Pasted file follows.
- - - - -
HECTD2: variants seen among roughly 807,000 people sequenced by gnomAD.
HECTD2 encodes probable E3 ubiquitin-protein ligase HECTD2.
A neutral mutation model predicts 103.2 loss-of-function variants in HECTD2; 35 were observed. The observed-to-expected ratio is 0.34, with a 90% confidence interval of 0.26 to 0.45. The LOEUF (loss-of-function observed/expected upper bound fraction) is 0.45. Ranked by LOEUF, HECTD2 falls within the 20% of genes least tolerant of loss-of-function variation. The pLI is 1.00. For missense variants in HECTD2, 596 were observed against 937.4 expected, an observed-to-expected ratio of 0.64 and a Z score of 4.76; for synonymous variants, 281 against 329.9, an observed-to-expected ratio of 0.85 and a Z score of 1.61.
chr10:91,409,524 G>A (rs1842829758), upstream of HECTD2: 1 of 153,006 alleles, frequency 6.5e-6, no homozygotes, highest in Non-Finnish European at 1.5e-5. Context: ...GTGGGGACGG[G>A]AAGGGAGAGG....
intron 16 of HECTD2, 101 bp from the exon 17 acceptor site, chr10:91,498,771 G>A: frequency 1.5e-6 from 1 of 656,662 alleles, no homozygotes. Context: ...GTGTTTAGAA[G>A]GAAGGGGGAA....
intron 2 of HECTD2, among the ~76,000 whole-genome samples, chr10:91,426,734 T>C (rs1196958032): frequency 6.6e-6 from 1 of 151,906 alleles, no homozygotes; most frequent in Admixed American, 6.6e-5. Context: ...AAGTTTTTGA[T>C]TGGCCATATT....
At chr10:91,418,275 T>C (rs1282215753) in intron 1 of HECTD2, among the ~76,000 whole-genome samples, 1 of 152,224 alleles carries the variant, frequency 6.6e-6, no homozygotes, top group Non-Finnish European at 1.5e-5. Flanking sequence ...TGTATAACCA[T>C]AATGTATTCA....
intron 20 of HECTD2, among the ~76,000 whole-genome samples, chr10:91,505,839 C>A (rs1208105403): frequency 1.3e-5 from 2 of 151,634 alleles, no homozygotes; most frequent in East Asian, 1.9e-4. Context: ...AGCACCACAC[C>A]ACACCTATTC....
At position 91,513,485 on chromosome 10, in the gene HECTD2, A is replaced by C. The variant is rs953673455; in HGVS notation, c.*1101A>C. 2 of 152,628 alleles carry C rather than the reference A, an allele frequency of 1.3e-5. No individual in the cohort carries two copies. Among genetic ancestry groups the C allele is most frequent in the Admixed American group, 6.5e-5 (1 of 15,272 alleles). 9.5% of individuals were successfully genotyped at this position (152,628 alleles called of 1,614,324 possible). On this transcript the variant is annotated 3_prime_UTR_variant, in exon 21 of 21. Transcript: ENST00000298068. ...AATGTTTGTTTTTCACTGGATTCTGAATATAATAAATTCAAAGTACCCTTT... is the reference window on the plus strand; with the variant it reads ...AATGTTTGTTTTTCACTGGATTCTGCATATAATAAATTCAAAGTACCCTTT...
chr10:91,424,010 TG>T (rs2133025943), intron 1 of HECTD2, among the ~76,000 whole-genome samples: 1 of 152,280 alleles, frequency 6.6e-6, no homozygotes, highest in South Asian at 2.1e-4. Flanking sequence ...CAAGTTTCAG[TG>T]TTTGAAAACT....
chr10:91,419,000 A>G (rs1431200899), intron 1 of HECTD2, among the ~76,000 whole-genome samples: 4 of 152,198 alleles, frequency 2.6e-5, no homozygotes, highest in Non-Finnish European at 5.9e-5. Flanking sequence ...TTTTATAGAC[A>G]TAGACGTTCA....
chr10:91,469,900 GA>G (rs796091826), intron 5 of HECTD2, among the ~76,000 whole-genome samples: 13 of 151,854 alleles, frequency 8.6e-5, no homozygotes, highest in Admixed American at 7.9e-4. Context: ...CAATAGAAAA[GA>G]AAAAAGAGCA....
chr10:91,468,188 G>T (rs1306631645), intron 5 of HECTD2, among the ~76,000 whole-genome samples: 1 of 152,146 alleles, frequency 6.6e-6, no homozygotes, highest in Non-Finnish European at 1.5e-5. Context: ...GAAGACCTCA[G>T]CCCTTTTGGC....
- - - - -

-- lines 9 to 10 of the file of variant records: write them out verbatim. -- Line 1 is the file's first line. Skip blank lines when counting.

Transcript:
At position 91,513,485 on chromosome 10, in the gene HECTD2, A is replaced by C. The variant is rs953673455; in HGVS notation, c.*1101A>C. 2 of 152,628 alleles carry C rather than the reference A, an allele frequency of 1.3e-5. No individual in the cohort carries two copies. Among genetic ancestry groups the C allele is most frequent in the Admixed American group, 6.5e-5 (1 of 15,272 alleles). 9.5% of individuals were successfully genotyped at this position (152,628 alleles called of 1,614,324 possible). On this transcript the variant is annotated 3_prime_UTR_variant, in exon 21 of 21. Transcript: ENST00000298068. ...AATGTTTGTTTTTCACTGGATTCTGAATATAATAAATTCAAAGTACCCTTT... is the reference window on the plus strand; with the variant it reads ...AATGTTTGTTTTTCACTGGATTCTGCATATAATAAATTCAAAGTACCCTTT...
chr10:91,424,010 TG>T (rs2133025943), intron 1 of HECTD2, among the ~76,000 whole-genome samples: 1 of 152,280 alleles, frequency 6.6e-6, no homozygotes, highest in South Asian at 2.1e-4. Flanking sequence ...CAAGTTTCAG[TG>T]TTTGAAAACT....